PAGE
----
UK banking group HSBC is regarded as one of the
most globally outward-looking banks with a focus on emerging
markets. With slim picklings to be found at home, in the retail
market at least, HSBC is turning its attentions towards Russia with
a bold expansion plan backed by $200 million of new capital.
HSBC has given the job of kick-starting the
bank’s growth drive in Russia to Stuart Lawson, who has been
appointed as CEO designate, and who comes with a decade’s
experience of running banks in Russia, including Deltabank and Bank
Soyuz. Lawson replaces Jon Hartley, who helped HSBC to gain a
retail banking licence in Russia during his tenure.
HSBC will initially focus on bolstering its
market presence in the corporate banking sector, although growth
across all business lines is a firm objective. HSBC provides a
range of corporate banking, investment banking and financial
markets products and services to multinational and domestic
corporate and institutional customers in Russia.
It is likely that retail banking and card
growth will also figure highly in HSBC’s growth strategy in the
near future. Russia boasts a population of over 142 million and has
shown year-on-year growth in both household income and GDP over the
last few years. According to HSBC, Russia’s GDP per head is
expected to grow from less than $2,000 in 1998 to an estimated
$9,000 this year. So far, credit cards and other forms of consumer
finance have low penetration rates, with only 25 percent of the
population using consumer credit in 2005, but growth trends are set
to continue on an upward trajectory.

Consumer credit demand

The explosive growth of the middle class in Russia means that
consumers there are beginning to emulate those in the west in their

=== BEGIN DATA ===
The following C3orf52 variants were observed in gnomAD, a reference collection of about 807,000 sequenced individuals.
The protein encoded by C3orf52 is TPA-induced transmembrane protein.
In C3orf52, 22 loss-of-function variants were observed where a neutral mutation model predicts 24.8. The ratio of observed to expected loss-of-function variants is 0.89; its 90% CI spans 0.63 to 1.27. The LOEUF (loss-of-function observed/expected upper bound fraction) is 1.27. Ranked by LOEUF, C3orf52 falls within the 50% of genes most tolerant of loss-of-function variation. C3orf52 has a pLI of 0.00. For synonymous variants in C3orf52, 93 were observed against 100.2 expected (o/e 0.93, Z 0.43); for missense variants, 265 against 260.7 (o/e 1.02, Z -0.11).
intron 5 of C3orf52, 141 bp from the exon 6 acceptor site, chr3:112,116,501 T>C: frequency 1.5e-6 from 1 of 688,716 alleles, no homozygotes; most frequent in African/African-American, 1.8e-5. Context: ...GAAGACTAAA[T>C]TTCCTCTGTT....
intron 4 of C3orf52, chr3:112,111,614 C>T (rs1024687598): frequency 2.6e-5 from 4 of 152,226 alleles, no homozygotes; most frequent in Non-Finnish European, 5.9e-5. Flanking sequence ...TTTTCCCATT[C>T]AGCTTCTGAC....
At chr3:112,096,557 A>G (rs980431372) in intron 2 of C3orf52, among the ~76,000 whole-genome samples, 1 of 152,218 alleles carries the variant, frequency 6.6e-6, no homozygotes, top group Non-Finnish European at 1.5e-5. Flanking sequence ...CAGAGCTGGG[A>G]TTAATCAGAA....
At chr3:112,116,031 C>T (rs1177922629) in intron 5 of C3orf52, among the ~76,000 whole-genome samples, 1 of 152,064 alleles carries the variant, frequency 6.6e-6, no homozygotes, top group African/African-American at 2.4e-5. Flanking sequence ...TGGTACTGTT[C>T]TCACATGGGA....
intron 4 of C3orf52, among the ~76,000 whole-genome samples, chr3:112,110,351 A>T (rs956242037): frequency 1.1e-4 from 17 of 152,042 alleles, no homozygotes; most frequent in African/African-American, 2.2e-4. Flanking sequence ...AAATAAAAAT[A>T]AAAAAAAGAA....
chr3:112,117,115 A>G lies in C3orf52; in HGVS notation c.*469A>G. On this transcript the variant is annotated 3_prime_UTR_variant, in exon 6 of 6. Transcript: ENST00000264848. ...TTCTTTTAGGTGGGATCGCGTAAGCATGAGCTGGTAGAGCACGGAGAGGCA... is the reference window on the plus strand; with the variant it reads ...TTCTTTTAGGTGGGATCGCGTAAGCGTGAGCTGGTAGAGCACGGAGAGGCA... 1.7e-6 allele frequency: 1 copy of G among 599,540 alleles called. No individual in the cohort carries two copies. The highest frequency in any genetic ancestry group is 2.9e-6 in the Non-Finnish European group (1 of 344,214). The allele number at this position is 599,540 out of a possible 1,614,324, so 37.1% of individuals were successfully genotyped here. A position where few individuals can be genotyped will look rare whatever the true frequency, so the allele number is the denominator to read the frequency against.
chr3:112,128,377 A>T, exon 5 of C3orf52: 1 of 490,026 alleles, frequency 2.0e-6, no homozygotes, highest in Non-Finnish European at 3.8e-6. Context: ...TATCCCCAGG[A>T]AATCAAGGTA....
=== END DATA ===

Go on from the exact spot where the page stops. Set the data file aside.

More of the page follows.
requirements for both low-value and high-value consumer goods.
Consumer finance players in the country have so far focused on
offering instalment loans at the POS, although revolving credit is
on the rise. Consumer lending at the POS is the main customer
recruitment and retention method for banks in Russia and is used as
a building block from which to offer credit cards and other credit
lines. According to Russian bank HCFB, the credit card market
increased by 230 percent in 2005 and by far outpaced other lending
segments.

The Russian retail banking market is highly fragmented, with over
1,200 banks operating in the country – however, the bulk of these
are not termed full-service banks. Although some Russian players,
such as Russia Standard Bank and Sberbank, are active within the
card payment space, the relative lack of POS and ATM infrastructure
has made card acceptance an obstacles to growth and it has been
left to foreign entrants to drive the market. A few foreign
players, most notably Citibank and GE Money, have taken advantage
of this gap in the market to launch revolving credit products, with
Citi launching credit cards in 2003 and now counting over 350,000
cards in issuance, up from 180,000 at the beginning of 2006. Its
own distribution network includes over 60 retail branches and more
than 300 ATMs.

 

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By GlobalData

Regulatory support

Russia’s regulators also ramping up efforts to promote card
payments, and in 2006, legislation was introduced which obliged
merchants with a certain level of sales per month to implement card
acceptance terminals. The market has also been helped by the
development of credit bureaux and lender databases.

HSBC has for now ruled out acquisitions and is
focusing on organic growth. It has bought a site designated as a
back-office operation and training centre, which is expected to be
open by mid-2008. According to Lawson, this will form the
foundation of HSBC’s retail offerings in the country by supporting
both internet and telephone banking, as well as a fledgling branch
network.